With 9.4 M6, SAS Grid Manager is now offered with a new default grid workload manager: the SAS Workload Orchestrator. The SAS Workload Orchestrator is a fresh approach to give SAS Grid Manager a new way to manage workload distribution. Don’t worry, SAS continues to offer variations of SAS Grid Manager for use with IBM’s Platform software or with Apache Hadoop’s YARN and those products will continue to be supported ongoing into the foreseeable future.
SAS Workload Orchestrator works differently than those other grid workload managers. And when deploying the SAS Grid Manager solution with SAS Workload Orchestrator, we have some new considerations to address after the SAS Deployment Wizard has finished its tasks.
The SAS Workload Orchestrator service can be operated individually on each grid host using the [SASCONFIGDIR]/Lev1/Grid/sgmg.sh utility script to start, restart, stop, or query status. But for a grid with many compute hosts, having to invoke the Grid/sgmg.sh script on each and every machine can get tiresome.
So the SAS Workload Orchestrator also offers two Python scripts in that same Lev1/Grid directory: gridStart.py and gridStop.py. As it turns out most standard Linux deployments probably have the base Python components installed and ready to go. For gridStart.py, that's great. In that case, it works right out of the box and when executed, will automatically establish SSH connections to each of the grid hosts and execute the Grid/sgmg.sh script with the start parameter.
However, gridStop.py needs a little more attention at initial deployment. When it runs, it doesn't use SSH to contact the grid hosts to execute Grid/sgmg.sh with the stop parameter. Instead, it uses HTTP to contact the SAS Workload Orchestrator process's RESTful API on the master host and directs it to shut down the grid.
In order for gridStop.py to make those HTTP RESTful API calls, it relies on a Python library named "requests". The Python requests library may not be installed - and so you're responsible to do so. There are four commands you can use to install the infrastructure needed to get the requests library:
This install procedure is only needed on the host machine(s) where you plan to invoke execution of the gridStop.py script - not on every grid host.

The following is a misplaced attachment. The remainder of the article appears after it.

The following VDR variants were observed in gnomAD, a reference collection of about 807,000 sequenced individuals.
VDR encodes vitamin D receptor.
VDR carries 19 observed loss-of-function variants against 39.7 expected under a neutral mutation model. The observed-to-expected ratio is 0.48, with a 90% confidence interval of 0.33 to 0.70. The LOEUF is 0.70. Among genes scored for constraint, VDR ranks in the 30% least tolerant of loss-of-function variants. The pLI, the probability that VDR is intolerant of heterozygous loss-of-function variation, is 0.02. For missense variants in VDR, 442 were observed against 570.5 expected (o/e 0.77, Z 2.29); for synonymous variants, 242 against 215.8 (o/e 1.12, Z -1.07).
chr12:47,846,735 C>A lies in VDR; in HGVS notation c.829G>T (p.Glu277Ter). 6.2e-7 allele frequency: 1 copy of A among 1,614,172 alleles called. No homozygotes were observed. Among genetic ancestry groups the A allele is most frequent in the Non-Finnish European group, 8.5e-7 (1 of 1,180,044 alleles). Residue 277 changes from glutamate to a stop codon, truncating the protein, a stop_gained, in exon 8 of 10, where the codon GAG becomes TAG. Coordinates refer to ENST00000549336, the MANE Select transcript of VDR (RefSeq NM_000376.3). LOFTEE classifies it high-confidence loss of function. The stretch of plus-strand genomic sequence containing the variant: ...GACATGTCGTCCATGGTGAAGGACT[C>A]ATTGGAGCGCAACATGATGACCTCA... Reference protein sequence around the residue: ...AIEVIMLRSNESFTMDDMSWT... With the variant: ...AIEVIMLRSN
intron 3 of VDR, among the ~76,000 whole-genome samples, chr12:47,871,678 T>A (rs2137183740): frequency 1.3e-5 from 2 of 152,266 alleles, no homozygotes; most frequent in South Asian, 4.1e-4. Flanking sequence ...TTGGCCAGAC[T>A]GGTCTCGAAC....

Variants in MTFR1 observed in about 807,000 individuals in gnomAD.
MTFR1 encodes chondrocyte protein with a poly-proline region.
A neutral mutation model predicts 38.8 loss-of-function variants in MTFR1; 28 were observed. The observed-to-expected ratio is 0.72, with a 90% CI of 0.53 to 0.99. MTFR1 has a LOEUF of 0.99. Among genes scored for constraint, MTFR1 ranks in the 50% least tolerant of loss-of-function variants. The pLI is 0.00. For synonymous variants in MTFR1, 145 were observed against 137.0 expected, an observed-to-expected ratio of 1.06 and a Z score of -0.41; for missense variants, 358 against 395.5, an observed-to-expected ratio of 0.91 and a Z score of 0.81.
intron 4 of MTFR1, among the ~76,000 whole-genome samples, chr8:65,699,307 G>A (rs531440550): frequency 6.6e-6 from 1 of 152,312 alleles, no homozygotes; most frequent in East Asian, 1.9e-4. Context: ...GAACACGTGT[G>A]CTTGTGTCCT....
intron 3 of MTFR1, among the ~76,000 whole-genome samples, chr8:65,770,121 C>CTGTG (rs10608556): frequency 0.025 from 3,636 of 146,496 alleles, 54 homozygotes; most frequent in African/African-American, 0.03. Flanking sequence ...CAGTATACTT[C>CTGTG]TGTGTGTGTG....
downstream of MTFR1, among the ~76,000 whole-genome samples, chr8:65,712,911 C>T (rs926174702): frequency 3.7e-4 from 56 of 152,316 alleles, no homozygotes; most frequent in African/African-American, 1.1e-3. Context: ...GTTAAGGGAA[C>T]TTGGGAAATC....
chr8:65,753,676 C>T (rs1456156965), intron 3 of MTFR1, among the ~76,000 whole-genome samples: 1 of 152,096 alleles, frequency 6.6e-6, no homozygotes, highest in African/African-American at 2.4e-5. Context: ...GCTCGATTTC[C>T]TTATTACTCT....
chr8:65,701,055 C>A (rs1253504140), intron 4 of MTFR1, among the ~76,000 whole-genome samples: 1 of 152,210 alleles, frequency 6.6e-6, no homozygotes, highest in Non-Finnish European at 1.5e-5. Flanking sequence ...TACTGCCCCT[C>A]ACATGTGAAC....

With the gridStart.py and gridStop.py scripts fully functional, then it's easy to operate the SAS Workload Orchestrator process across many machines at once.
SAS Workload Orchestrator automatically tracks many aspects of resource utilization on the grid host machines. It monitors the number of processes running, how much CPU and RAM they’re consuming, network availability, disk activity, and much more. All of that information is helpful in determining which host is best suited to run the next grid job.
The SAS Workload Orchestrator can also monitor the activity and resource utilization of individual grid jobs as they're running. Some of it is very specific and may be of limited value except in certain circumstances. In order to monitor a few specific job statistics, the SAS Workload Orchestrator needs escalated privileges. That's because grid jobs are run as the userid requesting them - whereas the SAS Workload Orchestrator process is usually running as userid of the SAS Installer account.
To grant the SAS Workload Orchestrator the specific privileges it needs, the Grid Manager deployment guide directs us to grant file capabilities on the bin/sgmg executable:
Setting file capabilities in this way is a great approach in support of the Principal of Least Privilege. The idea is that we're only granting the privileges which are needed - and nothing more. This security practice is an important design consideration which the SAS Workload Orchestrator can employ in environments which support it.
As someone familiar with SAS grid deployments already, you already know that a single deployment of the SAS Compute Tier on a Linux (or UNIX) host can be shared across multiple machines. One install for many hosts. Choosing the correct shared file system for this purpose is an important task - usually involving third-party software and dedicated hardware to achieve the necessary level of service.
However, for grid deployments which are not especially sensitive to performance or are otherwise not really mission-critical, like dev/test environments or for proof-on-concept implementations, then plain old NFS has historically been sufficient to the task… until now.
Unfortunately, the currently active implementations of the NFS protocol do not convey file capabilities to remote hosts. So if your site is relying on NFS as the shared file system technology to mount a single installation of SAS Compute Tier software across multiple grid hosts, then we must use something other than file capabilities.